Thus it is a fair claim that the Supreme Court of Pennsylvania is the oldest court in North America. Yet it is also true that the Court did not function continuously during its earliest stages due to ongoing battles with the Crown. When it finally emerged in 1722 as a permanent judicial body, however, it was unlike any other court in the history of America. Indeed, one distinguished member of the Pennsylvania Bar—who spoke at the celebration marking the Supreme Court’s 250th anniversary, held at Independence Hall in Philadelphia—observed that this judicial body reflected the ambitious dream of William Penn himself: Penn had hoped to create a court with broad jurisdiction to handle matters across the length and breadth of his new colony. This new court not only fulfilled that vision; it became “the prototype” for the Framers of the US Constitution a half century later when they created the US Supreme Court in Article III of that document.

I. The Pennsylvania Constitution Shapes the Court

The Pennsylvania Supreme Court has undergone significant changes over the course of the past three centuries. Most of these have been tied to the evolution of the Pennsylvania Constitution itself, which assigns the Supreme Court a special place in the state’s governmental structure. Thus the history of our Supreme Court is indissolubly linked to that of the state’s fundamental charter.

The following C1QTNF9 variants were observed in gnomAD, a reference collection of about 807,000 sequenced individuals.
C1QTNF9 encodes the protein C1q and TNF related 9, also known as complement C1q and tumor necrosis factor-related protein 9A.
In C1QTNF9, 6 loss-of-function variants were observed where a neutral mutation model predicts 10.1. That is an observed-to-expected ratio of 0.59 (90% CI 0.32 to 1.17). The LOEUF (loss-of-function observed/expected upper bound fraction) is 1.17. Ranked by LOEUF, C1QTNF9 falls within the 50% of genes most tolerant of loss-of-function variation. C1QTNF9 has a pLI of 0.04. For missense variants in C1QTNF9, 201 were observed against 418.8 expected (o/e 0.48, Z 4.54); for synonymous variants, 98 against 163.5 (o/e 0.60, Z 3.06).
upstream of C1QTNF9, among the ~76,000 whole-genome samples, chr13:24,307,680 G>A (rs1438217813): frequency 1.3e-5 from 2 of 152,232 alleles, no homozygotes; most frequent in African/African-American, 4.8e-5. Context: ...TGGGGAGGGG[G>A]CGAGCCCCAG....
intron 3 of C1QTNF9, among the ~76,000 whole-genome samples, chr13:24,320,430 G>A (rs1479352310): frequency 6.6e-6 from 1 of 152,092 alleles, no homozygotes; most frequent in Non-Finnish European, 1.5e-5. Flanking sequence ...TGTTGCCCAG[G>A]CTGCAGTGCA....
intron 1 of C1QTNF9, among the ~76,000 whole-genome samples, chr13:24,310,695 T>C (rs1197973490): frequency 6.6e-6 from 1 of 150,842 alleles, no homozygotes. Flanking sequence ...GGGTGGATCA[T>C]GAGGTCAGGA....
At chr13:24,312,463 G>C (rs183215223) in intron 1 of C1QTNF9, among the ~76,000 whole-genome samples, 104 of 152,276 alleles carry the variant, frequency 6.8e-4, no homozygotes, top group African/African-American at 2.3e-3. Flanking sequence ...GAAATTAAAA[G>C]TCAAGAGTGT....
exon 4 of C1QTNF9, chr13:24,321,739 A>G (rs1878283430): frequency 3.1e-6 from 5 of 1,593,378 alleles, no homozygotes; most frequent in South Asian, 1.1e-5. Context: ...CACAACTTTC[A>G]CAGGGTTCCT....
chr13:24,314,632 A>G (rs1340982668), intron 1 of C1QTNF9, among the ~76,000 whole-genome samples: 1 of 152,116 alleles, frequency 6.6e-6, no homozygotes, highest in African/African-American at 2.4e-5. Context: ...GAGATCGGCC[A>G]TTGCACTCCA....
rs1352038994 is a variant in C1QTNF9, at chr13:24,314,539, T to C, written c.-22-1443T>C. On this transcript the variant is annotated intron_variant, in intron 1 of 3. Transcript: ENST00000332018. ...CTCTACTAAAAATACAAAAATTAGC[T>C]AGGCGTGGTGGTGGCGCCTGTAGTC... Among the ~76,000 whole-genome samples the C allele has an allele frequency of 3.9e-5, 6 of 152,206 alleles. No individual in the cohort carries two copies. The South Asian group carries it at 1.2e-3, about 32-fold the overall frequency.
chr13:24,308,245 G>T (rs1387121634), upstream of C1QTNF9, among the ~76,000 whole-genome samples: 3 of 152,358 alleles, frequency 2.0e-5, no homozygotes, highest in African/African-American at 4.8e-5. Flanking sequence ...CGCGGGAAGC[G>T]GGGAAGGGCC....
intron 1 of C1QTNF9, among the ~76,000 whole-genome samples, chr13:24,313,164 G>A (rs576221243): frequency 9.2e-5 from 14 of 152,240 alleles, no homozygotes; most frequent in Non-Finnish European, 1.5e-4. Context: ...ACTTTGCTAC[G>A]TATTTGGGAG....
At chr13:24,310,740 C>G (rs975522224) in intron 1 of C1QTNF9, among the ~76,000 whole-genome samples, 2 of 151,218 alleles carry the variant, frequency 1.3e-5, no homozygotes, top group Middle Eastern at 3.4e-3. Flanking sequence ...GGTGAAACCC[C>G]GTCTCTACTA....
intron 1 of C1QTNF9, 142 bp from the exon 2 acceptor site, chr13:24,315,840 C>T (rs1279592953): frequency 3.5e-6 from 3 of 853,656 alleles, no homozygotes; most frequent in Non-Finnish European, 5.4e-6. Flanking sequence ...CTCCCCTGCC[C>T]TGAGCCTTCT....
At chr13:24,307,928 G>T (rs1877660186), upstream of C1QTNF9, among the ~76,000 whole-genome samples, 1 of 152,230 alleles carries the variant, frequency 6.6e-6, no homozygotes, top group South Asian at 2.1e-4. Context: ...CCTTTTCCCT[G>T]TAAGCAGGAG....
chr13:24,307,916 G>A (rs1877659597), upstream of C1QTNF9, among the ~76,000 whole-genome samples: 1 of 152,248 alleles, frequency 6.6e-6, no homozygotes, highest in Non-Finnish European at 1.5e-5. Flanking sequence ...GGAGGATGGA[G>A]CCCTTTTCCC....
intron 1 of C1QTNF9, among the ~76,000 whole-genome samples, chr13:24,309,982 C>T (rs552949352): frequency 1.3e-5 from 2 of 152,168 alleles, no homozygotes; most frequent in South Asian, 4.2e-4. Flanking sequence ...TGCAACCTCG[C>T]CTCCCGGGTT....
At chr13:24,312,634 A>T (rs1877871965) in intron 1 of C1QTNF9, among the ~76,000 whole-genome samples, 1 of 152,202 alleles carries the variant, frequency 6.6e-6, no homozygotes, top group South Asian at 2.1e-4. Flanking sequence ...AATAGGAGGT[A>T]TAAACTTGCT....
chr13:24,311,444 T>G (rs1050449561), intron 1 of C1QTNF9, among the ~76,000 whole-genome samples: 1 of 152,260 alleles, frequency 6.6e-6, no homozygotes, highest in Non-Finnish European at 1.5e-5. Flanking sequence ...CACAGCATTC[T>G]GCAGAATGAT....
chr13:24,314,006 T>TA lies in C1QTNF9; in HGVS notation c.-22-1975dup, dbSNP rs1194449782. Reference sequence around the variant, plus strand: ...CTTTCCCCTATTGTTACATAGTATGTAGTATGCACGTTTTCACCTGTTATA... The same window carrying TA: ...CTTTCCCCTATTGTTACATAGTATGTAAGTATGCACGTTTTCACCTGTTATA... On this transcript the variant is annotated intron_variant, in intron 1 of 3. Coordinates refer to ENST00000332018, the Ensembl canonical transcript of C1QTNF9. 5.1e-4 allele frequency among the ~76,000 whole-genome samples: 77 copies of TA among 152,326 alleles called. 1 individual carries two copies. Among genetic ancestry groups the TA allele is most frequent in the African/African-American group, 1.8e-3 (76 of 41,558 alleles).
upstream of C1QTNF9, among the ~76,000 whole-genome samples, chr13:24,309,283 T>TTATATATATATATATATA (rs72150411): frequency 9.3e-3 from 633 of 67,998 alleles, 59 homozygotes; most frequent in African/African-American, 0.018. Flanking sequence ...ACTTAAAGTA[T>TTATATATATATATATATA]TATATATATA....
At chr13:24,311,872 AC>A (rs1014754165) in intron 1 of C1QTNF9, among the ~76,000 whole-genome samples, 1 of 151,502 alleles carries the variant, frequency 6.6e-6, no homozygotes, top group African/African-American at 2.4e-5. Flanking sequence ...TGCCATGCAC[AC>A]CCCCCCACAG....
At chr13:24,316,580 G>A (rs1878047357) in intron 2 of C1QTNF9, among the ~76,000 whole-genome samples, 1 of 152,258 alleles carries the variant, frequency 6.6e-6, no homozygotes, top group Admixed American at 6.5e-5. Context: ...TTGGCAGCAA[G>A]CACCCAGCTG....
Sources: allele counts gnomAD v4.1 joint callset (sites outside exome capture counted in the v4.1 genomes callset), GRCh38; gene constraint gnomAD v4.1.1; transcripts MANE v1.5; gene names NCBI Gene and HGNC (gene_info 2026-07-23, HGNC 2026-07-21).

Pennsylvania’s first Constitution, approved in September 1776, was adopted in the midst of the Revolutionary War, twelve years before the US Constitution came into being. It thus served as a rallying point for colonists determined to break ties with the British. A secret resolution adopted by the Second Continental Congress in May 1776 had authorized the colonies to establish their own frameworks of government. In Philadelphia, four thousand Pennsylvanians swarmed into a public meeting place and, with “three rousing cheers,” endorsed the notion of drafting their own Constitution.

The elderly statesman Benjamin Franklin was selected as chair of the Pennsylvania constitutional convention. That body gathered in Carpenter’s Hall in Philadelphia on July 5, 1776, finished its drafting, and approved the Pennsylvania Constitution on September 28, 1776. Chapter II of that document (“Plan or Frame of Government”) provided for the creation of a Supreme Court. Section 20 of the Constitution provided that the president of the Supreme Executive Council (SEC) and the short-lived Council of Censors would appoint judges rather than leaving the matter to recurring elections. Section 23 stated that “judges of the supreme court of judicative” would be commissioned for seven years. All judges—including those on the Supreme Court—were given “fixed” salaries so that they would not be beholden to a legislature that might increase, decrease, or abolish their pay. Thus the Pennsylvania Constitution created a uniquely independent judiciary—the first of its kind.